Founded in 2002 CES Leeds Languages is one of the top English language schools in Leeds and Northern England. School is accredited by the British Council and a full English UK member.
There is free WIFI access throughout the main school. We have a student common room and a dedicated IT/Self Access Centre. The computer room is kitted out with computers providing free broadband access to all students. There is a large common room where students can relax and chat. There are board games available in the reception.
Right in the heart of the city centre school is surrounded by all the best cultural attractions in Leeds. School is less than five minutes from the fashionable shopping area of Leeds and 5 minutes’ walk away from the train station, and minutes from all main bus routes on The Headrow.
Whilst school hopes that you will have fun studying with us, school takes your English studies seriously. School realises that studying in a focussed and mature way, alongside other adult students, is the best way for you to improve quickly and effectively.
For detailed information on available courses, fees and schedules please contact Prime Study.
Leeds is a city in West Yorkshire, England, the principal settlement in the City of Leeds metropolitan district. In 2011 Leeds’ main urban subdivision had a population of 474,632, while in 2011 the City of Leeds had an estimated population of 757,700 making it the third largest city in the United Kingdom.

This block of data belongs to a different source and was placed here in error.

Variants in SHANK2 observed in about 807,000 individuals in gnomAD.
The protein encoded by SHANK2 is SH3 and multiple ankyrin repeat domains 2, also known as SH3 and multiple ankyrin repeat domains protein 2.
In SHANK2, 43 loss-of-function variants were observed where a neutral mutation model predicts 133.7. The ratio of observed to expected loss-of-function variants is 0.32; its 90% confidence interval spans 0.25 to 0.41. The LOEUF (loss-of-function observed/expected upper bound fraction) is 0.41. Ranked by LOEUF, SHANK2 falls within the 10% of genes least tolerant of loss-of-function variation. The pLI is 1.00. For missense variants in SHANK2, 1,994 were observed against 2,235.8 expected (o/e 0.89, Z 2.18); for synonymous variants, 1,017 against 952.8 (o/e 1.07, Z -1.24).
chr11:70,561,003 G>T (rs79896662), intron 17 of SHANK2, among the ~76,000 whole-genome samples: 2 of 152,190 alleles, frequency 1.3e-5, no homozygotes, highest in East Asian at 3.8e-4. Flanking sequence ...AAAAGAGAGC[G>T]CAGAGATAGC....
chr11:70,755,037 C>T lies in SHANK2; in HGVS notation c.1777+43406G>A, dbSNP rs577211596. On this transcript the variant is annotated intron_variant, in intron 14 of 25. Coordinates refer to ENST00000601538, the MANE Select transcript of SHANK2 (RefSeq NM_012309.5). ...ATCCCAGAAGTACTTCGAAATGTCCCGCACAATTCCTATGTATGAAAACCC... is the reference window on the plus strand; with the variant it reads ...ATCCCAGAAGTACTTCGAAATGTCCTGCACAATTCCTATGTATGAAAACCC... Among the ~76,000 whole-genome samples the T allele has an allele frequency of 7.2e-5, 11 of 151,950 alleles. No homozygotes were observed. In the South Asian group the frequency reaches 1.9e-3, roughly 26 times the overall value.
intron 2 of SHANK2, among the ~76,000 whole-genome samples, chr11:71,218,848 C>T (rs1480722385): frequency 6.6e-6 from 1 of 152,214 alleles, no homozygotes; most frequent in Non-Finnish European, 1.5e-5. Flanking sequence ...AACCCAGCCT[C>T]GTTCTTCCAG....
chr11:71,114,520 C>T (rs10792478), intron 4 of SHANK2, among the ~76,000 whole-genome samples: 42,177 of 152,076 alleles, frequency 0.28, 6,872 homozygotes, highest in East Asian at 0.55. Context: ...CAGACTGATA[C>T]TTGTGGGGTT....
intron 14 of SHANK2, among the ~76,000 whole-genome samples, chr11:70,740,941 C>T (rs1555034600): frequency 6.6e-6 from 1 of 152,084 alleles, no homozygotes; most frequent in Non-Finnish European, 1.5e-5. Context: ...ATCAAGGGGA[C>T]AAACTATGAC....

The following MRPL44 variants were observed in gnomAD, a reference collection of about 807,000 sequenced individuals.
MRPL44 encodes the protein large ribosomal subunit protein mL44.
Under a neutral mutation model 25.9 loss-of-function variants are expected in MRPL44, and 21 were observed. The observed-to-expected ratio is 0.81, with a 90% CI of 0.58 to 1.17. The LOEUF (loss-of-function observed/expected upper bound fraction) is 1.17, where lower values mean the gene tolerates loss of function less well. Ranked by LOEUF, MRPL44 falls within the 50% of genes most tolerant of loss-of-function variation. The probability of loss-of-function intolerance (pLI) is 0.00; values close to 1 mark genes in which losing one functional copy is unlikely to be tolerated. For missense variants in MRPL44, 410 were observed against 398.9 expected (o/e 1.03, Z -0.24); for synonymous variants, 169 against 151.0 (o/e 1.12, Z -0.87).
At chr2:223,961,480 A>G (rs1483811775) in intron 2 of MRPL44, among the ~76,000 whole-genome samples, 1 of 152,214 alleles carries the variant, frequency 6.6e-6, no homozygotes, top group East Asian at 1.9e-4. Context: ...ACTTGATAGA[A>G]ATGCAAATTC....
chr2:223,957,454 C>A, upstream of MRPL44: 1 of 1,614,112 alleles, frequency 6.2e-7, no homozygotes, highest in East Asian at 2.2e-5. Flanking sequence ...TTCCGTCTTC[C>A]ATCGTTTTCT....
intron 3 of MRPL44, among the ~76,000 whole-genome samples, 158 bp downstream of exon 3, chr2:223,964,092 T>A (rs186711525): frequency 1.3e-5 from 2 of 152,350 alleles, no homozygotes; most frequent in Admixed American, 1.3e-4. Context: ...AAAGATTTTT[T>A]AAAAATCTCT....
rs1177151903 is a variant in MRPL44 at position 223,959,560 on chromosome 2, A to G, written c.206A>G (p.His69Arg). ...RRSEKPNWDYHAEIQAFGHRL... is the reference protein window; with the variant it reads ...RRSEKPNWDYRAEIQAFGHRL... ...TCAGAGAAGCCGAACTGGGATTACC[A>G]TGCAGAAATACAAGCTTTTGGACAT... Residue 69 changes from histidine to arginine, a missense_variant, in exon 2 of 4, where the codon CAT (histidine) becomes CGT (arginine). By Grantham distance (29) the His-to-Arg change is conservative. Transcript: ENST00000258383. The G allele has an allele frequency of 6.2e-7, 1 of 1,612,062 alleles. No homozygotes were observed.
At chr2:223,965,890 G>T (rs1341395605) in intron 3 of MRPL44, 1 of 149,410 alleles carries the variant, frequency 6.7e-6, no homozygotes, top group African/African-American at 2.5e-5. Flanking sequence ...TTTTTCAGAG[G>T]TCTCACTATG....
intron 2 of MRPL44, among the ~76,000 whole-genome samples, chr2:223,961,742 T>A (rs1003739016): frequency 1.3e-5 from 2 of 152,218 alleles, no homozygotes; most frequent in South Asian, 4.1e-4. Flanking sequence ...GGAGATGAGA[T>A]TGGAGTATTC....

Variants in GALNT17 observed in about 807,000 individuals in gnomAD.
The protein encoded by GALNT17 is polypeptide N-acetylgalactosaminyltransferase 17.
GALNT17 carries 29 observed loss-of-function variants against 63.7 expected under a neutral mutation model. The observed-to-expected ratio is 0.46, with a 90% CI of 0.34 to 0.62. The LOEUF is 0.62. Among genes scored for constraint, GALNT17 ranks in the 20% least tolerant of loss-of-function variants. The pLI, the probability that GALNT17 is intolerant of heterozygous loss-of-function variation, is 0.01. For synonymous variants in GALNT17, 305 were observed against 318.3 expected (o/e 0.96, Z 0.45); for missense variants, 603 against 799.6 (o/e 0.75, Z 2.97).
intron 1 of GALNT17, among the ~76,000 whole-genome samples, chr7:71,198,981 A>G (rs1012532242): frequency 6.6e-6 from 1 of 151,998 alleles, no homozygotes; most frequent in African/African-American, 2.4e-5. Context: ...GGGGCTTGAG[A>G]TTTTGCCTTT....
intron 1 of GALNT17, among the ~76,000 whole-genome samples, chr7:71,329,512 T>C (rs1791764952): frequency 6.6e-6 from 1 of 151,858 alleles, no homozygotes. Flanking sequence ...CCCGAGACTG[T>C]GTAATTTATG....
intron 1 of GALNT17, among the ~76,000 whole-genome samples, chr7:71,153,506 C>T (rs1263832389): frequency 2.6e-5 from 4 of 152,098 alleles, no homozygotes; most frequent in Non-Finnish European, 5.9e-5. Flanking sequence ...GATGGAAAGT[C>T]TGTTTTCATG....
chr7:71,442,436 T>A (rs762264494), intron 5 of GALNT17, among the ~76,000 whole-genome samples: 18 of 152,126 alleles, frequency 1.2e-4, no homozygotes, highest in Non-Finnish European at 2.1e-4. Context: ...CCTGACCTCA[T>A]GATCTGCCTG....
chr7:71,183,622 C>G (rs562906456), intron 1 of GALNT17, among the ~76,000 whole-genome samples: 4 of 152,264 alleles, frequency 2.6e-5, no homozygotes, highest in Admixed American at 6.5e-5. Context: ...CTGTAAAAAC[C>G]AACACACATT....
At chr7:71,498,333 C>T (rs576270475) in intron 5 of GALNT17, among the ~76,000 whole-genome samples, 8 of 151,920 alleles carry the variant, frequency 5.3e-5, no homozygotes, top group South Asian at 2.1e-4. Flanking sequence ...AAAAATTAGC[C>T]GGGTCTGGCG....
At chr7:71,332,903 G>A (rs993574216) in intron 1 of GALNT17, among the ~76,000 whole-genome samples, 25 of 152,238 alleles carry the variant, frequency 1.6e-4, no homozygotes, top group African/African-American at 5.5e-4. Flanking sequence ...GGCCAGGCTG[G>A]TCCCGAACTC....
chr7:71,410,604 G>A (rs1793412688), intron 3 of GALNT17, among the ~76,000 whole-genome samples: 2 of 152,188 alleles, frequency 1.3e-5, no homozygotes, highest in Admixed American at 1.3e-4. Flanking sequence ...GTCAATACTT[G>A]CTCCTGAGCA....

Leeds is the UK’s largest centre for business, legal, and financial services outside London, and its office market is considered the best in Europe for value. Leeds is considered a Gamma World City.
Historically in the West Riding of Yorkshire, the history of Leeds can be traced to the 5th century when the Kingdom of Elmet was covered by the forest of “Loidis”, the origin of the name Leeds. The name has been applied to many administrative entities over the centuries. It changed from being the appellation of a small manorial borough, in the 13th century, through several incarnations, to being the name attached to the present metropolitan borough. In the 17th and 18th centuries Leeds became a major centre for the production and trading of wool. Then, during the Industrial Revolution, Leeds developed into a major industrial centre; wool was the dominant industry but flax, engineering, iron foundries, printing, and other industries were important. From being a compact market town in the valley of the River Aire in the 16th century Leeds expanded and absorbed the surrounding villages to become a populous urban centre by the mid-20th century.
Public transport, rail and road communications networks in the region are focused on Leeds and there are a number of twinning arrangements with towns and cities in other countries. Its assigned role in the Leeds City Region partnership recognises the city’s importance to regional economic development, and will now play a large part in the UK’s planned new high-speed railway development.